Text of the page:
US 4797018 A
A ribbon cassette with a memory makes it possible to provide a relatively exact determination of either the amount of ribbon remaining or the end of the ribbon with small mechanical outlay in an electronically controlled office machine or typewriter. A memory which contains external contacts and is capable of counting and storing values is provided from which base units can be subtracted by the control unit of the machine depending on the amount of ribbon advanced. The novel ribbon cassette makes it possible to dependably determine and display either the amount of ribbon remaining or the end of the ribbon.
1. A ribbon cassette for an electronically controlled typewriter said ribbon cassette comprising an electronic memory equipped with external electronic contacts, said memory being capable of storing a changeable value corresponding to a respective amount of ribbon left for use in the cassette, and which stored value can be changed as a result of electrical signals received via said contacts.
2. The cassette of claim 1, wherein said memory is a semiconductor memory.
3. The cassette of claim 1, comprising a carrier having said memory glued thereon, said carrier being glued onto said cassette.
4. The cassette of claim 1, wherein said memory is glued onto said cassette.
5. A method for the operation of an electronically controlled typewriter in connection with a ribbon cassette, said cassette having an electronic memory equipped with electronic contacts external to said cassette, said memory being capable of storing at least one value and of changing said stored value in accordance with an amount of the ribbon in said cassette still available for use, the electronically controlled typewriter having an electronic control unit connected with said memory on the ribbon cassette, said electronic control unit including signal means for generating signals corresponding to usage of the ribbon and a drive for the ribbon advance mechanism, said method comprising:
producing signals from said signal means of said electronic control unit corresponding to a respective amount of ribbon advanced by said ribbon advance mechanism, and feeding said signals to said memory in the ribbon cassette, such that the value then stored in said memory, which corresponds to the amount of ribbon still available, is reduced by an amount which corresponds to said respective amount of ribbon which has been advanced;
cyclically polling said memory in said ribbon cassette with said contacts thereof to determine the value then stored therein; and
providing information corresponding to the polled status of said memory according to the determined stored value.
6. The method of claim 5, said providing of said information comprising displaying said information in a display.
7. The method of claim 5, said providing of said information comprising providing a corresponding audible signal at least when said information indicates insufficient remaining ribbon in said cassette.
8. The method of claim 5, said providing of said information comprising preventing a subsequent printing operation when said information indicates insufficient remaining ribbon in said cassette.
The invention relates to a ribbon cassette for electronically controlled typewriters or similar office machines and a method for operating an electronically controlled typewriter or similar office machine in connection with such a ribbon cassette, the electronically controlled office machine having an electronic control element connected with the memory in the ribbon cassette, with signaling means and with the drive for the ribbon.
So-called unsupervised operation, among other modes, is possible with office machines of the type mentioned, which normally have an electronic control unit consisting of at least one microprocessor, a ROM memory containing the control program and a RAM memory receiving the variable data. For this reason it is necessary to generate a ribbon end signal before the start of a printing command or typing on the typewriter, in case the ribbon comes to its end, and to lock the printing mechanism and/or the keys.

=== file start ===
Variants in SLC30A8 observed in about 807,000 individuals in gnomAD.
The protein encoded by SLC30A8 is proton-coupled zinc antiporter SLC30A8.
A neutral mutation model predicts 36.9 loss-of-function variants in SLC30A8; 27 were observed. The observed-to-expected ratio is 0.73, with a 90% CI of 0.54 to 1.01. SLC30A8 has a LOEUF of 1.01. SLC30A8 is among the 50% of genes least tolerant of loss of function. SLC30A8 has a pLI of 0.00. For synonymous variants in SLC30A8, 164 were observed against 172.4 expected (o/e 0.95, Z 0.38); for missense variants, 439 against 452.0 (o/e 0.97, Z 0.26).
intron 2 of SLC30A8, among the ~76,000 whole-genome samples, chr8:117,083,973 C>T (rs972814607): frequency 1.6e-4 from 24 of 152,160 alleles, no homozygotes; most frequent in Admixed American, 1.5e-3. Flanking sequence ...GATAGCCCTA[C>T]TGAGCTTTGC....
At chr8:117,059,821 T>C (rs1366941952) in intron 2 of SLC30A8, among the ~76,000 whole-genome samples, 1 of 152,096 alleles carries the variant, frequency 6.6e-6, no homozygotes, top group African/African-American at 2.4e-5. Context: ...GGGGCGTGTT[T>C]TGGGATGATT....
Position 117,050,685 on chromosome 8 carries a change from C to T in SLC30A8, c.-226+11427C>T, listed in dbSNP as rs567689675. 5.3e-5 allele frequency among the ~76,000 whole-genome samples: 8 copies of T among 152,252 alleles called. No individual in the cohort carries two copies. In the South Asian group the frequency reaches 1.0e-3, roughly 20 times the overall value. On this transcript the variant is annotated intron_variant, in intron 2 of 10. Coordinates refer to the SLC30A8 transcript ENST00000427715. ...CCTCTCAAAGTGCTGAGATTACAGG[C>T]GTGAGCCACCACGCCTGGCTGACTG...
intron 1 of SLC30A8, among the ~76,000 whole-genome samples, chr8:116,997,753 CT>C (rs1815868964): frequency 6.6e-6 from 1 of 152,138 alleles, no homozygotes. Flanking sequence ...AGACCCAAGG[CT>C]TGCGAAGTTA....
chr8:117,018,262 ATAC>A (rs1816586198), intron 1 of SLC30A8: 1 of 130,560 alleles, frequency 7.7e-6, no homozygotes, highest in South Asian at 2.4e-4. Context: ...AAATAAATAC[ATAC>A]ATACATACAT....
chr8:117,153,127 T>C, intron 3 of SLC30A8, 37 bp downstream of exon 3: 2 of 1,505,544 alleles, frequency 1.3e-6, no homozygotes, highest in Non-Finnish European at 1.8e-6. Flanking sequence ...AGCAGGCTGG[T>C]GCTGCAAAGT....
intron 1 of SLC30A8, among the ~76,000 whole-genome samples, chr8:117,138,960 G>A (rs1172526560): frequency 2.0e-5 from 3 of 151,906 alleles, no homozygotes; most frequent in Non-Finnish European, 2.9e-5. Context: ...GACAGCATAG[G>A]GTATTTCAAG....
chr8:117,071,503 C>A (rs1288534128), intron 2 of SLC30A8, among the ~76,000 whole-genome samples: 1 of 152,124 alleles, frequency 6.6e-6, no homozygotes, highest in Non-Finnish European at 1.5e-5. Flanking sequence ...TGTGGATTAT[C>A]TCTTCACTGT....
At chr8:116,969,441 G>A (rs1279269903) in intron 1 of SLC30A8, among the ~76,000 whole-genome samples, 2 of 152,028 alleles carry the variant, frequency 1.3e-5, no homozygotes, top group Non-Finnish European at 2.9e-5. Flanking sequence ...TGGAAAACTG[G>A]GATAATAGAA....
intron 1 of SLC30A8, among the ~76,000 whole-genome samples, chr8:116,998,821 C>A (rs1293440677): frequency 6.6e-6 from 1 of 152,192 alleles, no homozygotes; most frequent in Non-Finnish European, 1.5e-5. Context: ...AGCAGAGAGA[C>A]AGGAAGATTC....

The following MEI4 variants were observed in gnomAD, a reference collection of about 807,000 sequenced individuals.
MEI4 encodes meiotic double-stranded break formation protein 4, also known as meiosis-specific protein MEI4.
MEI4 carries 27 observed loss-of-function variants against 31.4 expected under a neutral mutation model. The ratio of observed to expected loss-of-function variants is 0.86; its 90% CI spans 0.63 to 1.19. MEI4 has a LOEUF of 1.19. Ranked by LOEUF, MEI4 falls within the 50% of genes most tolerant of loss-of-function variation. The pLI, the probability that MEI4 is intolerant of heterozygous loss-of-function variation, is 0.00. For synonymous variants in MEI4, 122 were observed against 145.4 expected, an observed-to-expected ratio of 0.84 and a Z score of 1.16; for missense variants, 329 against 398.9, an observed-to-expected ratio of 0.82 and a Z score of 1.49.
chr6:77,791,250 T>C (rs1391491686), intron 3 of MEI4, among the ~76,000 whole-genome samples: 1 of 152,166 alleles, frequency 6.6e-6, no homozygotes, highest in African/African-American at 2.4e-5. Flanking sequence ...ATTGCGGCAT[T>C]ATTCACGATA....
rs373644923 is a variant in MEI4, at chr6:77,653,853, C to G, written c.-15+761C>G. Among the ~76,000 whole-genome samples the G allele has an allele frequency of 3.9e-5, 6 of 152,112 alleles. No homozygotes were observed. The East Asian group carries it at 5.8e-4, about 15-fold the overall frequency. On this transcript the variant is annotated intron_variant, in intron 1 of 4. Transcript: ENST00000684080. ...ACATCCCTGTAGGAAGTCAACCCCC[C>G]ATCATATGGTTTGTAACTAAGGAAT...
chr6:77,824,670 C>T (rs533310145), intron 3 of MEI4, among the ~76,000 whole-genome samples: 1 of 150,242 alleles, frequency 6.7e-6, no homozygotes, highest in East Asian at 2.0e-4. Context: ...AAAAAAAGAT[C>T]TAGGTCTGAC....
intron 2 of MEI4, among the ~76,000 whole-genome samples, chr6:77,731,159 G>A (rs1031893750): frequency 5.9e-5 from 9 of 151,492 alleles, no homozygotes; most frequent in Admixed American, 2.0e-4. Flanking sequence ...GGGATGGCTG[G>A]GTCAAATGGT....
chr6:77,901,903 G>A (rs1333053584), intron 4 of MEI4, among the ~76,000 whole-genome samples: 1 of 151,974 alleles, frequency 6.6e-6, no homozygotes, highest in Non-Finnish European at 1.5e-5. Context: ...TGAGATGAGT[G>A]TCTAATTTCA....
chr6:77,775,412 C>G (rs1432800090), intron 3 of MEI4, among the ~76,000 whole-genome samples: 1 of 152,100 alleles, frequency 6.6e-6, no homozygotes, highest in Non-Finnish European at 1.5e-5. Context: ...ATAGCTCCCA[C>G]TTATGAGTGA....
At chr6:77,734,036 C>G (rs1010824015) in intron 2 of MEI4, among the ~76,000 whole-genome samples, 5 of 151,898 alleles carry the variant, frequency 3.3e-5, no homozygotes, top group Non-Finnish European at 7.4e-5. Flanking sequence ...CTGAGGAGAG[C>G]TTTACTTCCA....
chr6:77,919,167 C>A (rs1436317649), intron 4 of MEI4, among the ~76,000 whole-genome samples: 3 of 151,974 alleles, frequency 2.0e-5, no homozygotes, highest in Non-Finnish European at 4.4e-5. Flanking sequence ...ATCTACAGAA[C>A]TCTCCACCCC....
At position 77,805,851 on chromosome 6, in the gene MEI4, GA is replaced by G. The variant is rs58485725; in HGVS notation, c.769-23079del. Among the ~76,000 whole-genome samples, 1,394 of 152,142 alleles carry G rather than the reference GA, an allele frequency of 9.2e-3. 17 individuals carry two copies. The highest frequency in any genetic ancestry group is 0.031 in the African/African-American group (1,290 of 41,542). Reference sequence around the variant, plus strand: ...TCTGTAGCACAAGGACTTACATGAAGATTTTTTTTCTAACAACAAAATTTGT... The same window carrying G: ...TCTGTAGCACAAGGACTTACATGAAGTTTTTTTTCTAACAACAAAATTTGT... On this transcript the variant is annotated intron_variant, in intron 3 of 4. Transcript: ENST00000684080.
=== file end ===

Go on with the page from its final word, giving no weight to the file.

In connection with the ribbon cassettes used in these machines it is already known from U.S. Pat. Nos. 4,494,886 and 4,655,624 to place a detector unit opposite a recess in the ribbon cassette housing for the purpose of detecting the end of the ribbon, through which the ribbon can be scanned, and thus a ribbon end signal is generated by the detector unit by means of a reflecting layer on the ribbon.
It is further known from U.S. Pat. No. 4,491,430 to provide a propeller driven by the ribbon for monitoring the ribbon, the vanes of which interrupt the signal path of a photoelectric barrier either directly or via drive members. When the signal change at the photo-electric barrier stops, for example when the end of the ribbon has been reached, the control unit monitoring the signal change generates a corresponding signal. Additionally, the core of the ribbon, which is movably supported in the ribbon cassette, blocks the propeller when reaching a predetermined amount of ribbon remaining and this can be used as described above.
Besides the absolutely necessary requirement of determining the end of the ribbon, it is also desirable in view of completing long print orders, perhaps in the unsupervised mode, to perform as accurate an estimate as possible of the amount of ribbon still available prior to the start of the print order. Up to now this was done, for example, by direct visual inspection, which required the opening of the housing. This in itself shows that this method is very cumbersome. However, the greatest disadvantage is the inherent inexactness of this technique.
To overcome these disadvantages, it is known from copending application Ser. No. 002,745 (owned by the present assignee) to estimate the amount of ribbon remaining by counting the ribbon advance steps made during the turning of the ribbon spool through a preset turning angle. For this purpose it is necessary to provide an incremental angle encoder on the ribbon cassette which can be read by means of a sensing device provided on the machine. The sensing signals thus produced are evaluated by an electronic control unit.